Radio Frequency Probes for Tissue Treatment and Methods of Use

Bradford J. Wood (CC)

DHHS Reference No. E-186-00/0 filed 10 Jul 2000

Licensing Contact: Dale Berkley; 301/496-7735 ext. 223; e-mail:

The invention is a device and method for radio frequency (RF) treatment of tissue that is designed to destroy or damage selected tissue areas without damaging surrounding material. Improvements upon currently available techniques include: easier percutaneous deployment and placement, easier imaging visualization, less bleeding complications, and one-handed deployment. Applications include the treatment of metastatic cancer lesions in the liver, kidney or other solid internal organ. The invention can be used for minimally invasive procedures. For example, RF electrodes may be placed percutaneously to treat a cancer lesion in the liver. Standard medical imaging techniques such as ultrasound can be used to guide the RF electrode into the proper position, and surface markings made on the electrode improve the ultrasound visibility of the instrument. This invention is easily operated using only one hand, allowing the operator's other hand to be free to operate a medical imaging device or manage the delivery of the RF energy. The RF probe has an introducer that carries it to the desired site where a number of RF electrodes are deployed from the introducer into the subject's tissue. The RF electrodes may be deployed by a spring mechanism. The introducer has a biodegradable occluder that reduces tissue injury as the device is inserted into the subject. The occluder is displaced from the distal end of the introducer as the device transitions to a deployed state.

Modifications of HIV Env, Gag and Pol Enhance Immunogenicity for Genetic Immunization

Chakrabarti et al. (NIAID)

DHHS Reference Nos. E-275-00/0 filed 14 Aug 2000 and E-275-00/1 filed 14 Nov 2000

Licensing Contact: Carol Salata; 301/496-7735 ext. 232; e-mail:

Protective immunity against human immunodeficiency virus-1 (HIV-1) is likely to require recognition of linear and conformation epitopes from multiple HIV antigens. This invention relates to modified HIV Env, Gag and Pol DNA and proteins with improved ability to elicit antibody and CTL responses. The Env DNA has been modified to expose the core protein for optimal antigen presentation and recognition. This invention also relates to a Gag-Pol fusion protein that is a polyprotein designed to maximize epitope presentation. The effect of Start Printed Page 11594specific mutations in HIV-1 Env on humoral and cellular immune responses after DNA vaccination has been investigated. The modifications of Env enhance antibody production to this viral protein that may facilitate the generation of broadly neutralizing antibodies to HIV. In addition, the immune response to HIV-1 Gag and Pol after plasmid DNA immunization with Rev-independent expression vectors encoding various forms of these proteins has been examined. The Gag-Pol fusion protein induced the most broad and potent CTL responses to Gag and Pol in DNA-vaccinated mice. These DNA sequences and proteins may be important immunogens for the treatment and prevention of HIV infection.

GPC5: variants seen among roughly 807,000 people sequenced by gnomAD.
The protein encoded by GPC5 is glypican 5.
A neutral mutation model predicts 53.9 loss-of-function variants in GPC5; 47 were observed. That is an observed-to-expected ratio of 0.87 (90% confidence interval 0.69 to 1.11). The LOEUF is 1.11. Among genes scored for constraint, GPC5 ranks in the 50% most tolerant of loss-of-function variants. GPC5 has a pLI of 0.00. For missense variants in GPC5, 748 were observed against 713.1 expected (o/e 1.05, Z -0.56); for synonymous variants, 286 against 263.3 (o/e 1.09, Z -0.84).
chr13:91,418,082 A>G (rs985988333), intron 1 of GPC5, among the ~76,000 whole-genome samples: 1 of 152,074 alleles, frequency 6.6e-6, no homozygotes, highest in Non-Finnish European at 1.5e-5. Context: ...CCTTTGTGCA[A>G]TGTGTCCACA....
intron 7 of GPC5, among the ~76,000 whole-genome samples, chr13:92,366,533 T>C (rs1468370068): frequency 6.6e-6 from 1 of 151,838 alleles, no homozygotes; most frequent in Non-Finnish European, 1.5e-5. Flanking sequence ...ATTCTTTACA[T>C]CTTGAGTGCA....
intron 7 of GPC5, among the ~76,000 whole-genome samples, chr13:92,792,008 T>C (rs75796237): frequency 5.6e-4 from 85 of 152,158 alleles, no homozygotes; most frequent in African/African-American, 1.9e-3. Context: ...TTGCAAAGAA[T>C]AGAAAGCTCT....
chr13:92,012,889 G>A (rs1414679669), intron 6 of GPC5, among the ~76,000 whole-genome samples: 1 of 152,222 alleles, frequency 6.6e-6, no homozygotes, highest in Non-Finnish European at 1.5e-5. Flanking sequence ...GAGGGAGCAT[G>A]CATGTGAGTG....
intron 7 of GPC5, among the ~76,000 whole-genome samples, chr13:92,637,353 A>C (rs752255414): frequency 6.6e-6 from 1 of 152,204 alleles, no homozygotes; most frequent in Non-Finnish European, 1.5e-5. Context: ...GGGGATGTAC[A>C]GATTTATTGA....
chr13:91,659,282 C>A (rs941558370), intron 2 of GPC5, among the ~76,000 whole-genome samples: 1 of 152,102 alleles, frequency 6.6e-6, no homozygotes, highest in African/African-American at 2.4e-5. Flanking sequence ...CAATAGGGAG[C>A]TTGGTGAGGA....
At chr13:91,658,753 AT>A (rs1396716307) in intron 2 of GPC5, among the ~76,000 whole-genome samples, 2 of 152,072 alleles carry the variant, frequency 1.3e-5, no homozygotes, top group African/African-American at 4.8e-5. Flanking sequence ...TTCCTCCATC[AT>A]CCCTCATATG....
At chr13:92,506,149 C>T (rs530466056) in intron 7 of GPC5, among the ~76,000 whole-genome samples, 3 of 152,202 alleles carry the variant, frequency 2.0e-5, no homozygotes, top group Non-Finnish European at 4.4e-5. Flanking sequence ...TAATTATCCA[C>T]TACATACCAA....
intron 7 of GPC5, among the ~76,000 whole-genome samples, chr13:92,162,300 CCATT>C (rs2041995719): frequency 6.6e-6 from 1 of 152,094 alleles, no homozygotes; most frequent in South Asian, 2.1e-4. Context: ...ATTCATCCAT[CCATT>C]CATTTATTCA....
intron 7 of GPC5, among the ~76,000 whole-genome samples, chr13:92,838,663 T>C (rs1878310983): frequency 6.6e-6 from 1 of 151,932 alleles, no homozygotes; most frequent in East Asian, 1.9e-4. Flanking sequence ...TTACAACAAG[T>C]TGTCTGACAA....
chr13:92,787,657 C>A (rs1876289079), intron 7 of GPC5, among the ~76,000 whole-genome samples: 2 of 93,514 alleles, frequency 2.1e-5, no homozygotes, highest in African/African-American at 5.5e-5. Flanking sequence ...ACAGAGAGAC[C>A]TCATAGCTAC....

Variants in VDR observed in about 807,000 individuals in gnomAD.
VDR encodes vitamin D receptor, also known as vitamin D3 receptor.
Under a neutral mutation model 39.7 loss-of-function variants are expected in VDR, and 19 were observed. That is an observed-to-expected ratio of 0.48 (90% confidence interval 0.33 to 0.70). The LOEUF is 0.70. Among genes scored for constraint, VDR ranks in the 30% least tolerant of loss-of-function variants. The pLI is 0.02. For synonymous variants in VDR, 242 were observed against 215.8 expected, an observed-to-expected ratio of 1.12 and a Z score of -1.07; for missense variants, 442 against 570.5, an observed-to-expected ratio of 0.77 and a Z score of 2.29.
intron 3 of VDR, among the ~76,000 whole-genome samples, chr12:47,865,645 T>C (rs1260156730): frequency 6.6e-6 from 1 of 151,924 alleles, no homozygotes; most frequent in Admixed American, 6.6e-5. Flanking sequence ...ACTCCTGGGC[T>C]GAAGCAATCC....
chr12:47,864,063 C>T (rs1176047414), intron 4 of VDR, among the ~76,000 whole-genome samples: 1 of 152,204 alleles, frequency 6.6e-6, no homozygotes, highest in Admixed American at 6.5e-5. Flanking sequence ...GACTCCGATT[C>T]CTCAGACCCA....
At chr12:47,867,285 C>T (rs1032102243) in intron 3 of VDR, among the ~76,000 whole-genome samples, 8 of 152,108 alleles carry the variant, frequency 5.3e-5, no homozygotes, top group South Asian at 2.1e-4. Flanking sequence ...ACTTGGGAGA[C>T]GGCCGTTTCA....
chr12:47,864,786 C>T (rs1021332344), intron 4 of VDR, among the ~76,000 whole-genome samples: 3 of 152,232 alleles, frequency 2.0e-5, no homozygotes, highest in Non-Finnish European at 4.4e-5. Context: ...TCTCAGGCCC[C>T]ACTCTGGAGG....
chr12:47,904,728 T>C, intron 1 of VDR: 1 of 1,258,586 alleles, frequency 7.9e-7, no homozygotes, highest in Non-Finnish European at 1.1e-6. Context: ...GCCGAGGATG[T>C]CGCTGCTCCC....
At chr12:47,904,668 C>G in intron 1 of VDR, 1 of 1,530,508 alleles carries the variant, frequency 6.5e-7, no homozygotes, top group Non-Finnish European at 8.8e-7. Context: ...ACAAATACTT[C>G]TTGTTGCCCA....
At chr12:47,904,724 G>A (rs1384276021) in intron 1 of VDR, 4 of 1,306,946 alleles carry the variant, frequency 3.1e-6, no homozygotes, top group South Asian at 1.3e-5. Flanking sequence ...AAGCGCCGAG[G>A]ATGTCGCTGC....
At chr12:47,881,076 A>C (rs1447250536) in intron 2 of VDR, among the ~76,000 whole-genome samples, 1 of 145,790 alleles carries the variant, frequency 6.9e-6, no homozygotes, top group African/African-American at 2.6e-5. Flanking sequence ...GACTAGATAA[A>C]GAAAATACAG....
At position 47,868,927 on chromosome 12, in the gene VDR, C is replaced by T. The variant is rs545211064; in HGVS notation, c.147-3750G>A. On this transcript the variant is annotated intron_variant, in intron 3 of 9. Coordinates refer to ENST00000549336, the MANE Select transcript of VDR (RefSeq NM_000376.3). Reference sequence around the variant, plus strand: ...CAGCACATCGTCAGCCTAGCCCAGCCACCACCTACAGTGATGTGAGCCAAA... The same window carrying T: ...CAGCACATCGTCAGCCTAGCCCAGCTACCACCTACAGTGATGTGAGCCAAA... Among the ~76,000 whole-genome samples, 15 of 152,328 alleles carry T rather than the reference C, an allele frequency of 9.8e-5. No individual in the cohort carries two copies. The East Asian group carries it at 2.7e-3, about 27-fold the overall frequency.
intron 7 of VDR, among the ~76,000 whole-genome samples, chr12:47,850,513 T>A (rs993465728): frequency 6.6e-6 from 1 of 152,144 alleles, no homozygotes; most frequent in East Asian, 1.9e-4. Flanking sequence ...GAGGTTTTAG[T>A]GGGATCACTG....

Mucosal Cytotoxic T Lymphocyte Responses

Jay A. Berzofsky (NCI), Igor M. Belyakov (NCI), Michael A. Derby (NCI), Brian L. Kelsall (NIAID), Warren Strober (NIAID)

Serial Number 09/508,552 filed June 12, 2000; DHHS Reference No. E-268-97/4 filed January 10, 2001

Licensing Contact: Peter Soukas; 301/496-7056, ext. 268; e-mail:

This invention claims methods and compositions for inducing a protective mucosal cytotoxic T lymphocyte (CTL) response in a mammal involving administering a soluble antigen or a soluble antigen with one or more active agents such as a cytokine or co-stimulatory molecule to a mucosal surface or tissue. As a preferred embodiment, the invention contemplates intrarectal administration of the peptide vaccine because the inventors have shown that there is a greater CTL response through intrarectal administration rather than intranasal administration. The synthetic peptide vaccines utilized in the invention to elicit protective immune responses after mucosal infection comprise a multideterminant helper peptide containing a cluster of overlapping helper epitopes (a PCLUS or cluster peptide) colinearly synthesized with a peptide epitope target for neutralizing antibodies and CTL. The inventors have generated data showing that an intrarectally administered synthetic multiepitope HIV/SIV peptide vaccine administered to macaques in conjunction with mutant E. coli heat labile enterotoxin as an adjuvant induces mucosal CTL responses that provide better protection against intrarectal SHIV infection when compared to a subcutaneously administered vaccine comprising the same peptides inducing as high or higher systemic CTL responses. The invention is further described in Belyakov et al., Proc. Natl. Acad. Sci. USA 1998 Feb 17;95(4):1709-14 and Belyakov et al., J. Clin. Invest. 102: 2072-2081, 1998.